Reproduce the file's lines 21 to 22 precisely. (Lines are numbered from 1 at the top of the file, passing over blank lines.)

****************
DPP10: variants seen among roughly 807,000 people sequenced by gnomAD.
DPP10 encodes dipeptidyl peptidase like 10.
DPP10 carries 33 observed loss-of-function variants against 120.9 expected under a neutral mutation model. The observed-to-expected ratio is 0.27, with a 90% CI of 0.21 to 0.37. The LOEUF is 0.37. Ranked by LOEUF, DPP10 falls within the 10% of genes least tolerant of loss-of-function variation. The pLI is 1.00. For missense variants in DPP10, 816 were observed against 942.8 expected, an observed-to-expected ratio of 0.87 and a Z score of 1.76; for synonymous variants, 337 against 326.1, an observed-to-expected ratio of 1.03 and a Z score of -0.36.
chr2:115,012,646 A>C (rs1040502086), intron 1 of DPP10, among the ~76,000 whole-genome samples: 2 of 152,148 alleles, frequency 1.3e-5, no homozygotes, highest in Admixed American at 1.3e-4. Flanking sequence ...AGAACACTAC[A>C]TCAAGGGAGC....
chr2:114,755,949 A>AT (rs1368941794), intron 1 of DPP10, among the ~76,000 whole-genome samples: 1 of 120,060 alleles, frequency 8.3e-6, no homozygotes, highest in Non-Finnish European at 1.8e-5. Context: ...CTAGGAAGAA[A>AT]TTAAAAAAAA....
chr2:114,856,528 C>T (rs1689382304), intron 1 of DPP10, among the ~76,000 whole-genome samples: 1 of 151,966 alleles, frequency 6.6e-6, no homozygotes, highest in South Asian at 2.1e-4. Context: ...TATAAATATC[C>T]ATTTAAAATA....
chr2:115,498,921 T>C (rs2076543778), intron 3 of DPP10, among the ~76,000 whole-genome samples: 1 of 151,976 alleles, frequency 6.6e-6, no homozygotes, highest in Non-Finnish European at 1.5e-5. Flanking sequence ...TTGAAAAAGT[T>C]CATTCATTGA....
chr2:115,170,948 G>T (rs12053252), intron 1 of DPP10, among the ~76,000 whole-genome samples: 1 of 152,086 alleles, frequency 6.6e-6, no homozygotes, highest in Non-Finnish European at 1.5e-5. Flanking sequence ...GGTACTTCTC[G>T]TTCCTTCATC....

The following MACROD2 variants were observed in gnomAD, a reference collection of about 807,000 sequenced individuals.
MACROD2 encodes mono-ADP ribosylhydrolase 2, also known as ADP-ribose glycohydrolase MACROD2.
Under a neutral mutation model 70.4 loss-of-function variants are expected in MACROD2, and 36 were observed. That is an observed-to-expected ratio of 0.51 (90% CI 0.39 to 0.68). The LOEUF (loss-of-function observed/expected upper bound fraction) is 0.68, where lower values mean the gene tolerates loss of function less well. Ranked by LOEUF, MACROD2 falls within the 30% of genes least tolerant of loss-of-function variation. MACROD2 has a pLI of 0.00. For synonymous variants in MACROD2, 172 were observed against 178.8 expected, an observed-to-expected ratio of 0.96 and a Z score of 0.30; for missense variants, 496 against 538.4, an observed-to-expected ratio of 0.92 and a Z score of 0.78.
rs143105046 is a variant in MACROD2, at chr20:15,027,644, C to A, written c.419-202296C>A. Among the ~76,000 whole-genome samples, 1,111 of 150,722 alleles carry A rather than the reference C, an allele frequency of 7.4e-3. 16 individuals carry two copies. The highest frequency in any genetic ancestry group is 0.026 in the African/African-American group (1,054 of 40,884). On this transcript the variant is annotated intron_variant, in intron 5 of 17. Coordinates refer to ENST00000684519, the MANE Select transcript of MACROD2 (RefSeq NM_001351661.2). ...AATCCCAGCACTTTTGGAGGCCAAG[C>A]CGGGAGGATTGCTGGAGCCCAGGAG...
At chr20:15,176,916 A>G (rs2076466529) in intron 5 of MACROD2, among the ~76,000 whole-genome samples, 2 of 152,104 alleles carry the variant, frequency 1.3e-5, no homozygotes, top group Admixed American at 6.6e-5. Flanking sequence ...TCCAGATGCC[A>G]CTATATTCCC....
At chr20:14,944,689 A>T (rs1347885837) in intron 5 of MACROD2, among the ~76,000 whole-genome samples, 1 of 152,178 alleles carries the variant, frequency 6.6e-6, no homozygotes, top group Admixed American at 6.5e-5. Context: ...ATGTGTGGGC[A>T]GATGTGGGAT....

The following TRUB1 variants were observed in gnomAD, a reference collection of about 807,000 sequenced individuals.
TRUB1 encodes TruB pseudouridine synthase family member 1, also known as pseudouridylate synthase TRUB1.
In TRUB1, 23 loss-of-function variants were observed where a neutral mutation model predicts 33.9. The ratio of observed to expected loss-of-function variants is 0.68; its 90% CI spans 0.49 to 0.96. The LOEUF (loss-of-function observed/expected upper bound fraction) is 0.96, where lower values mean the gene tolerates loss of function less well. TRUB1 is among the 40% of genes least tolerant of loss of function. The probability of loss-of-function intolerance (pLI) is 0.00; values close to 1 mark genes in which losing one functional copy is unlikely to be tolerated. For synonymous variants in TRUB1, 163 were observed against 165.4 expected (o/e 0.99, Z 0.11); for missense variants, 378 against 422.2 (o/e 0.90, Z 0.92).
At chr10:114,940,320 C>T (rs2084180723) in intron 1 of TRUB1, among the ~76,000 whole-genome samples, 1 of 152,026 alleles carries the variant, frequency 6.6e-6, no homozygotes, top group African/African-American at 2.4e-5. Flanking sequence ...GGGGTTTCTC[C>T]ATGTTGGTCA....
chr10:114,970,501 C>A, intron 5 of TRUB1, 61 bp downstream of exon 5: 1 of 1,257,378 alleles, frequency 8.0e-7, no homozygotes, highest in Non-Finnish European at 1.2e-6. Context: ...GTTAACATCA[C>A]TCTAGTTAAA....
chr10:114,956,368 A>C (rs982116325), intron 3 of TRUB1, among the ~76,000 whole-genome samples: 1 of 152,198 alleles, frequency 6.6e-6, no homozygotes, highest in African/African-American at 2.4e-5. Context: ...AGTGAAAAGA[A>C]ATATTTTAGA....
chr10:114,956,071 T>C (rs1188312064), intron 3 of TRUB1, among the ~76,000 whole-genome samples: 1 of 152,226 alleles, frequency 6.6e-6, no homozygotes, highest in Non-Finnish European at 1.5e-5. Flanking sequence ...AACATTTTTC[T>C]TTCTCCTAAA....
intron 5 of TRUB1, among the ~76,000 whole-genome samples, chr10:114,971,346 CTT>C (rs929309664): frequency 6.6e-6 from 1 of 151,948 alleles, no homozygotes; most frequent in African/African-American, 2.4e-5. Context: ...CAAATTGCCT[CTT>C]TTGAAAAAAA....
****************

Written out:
chr10:114,956,071 T>C (rs1188312064), intron 3 of TRUB1, among the ~76,000 whole-genome samples: 1 of 152,226 alleles, frequency 6.6e-6, no homozygotes, highest in Non-Finnish European at 1.5e-5. Flanking sequence ...AACATTTTTC[T>C]TTCTCCTAAA....
intron 5 of TRUB1, among the ~76,000 whole-genome samples, chr10:114,971,346 CTT>C (rs929309664): frequency 6.6e-6 from 1 of 151,948 alleles, no homozygotes; most frequent in African/African-American, 2.4e-5. Context: ...CAAATTGCCT[CTT>C]TTGAAAAAAA....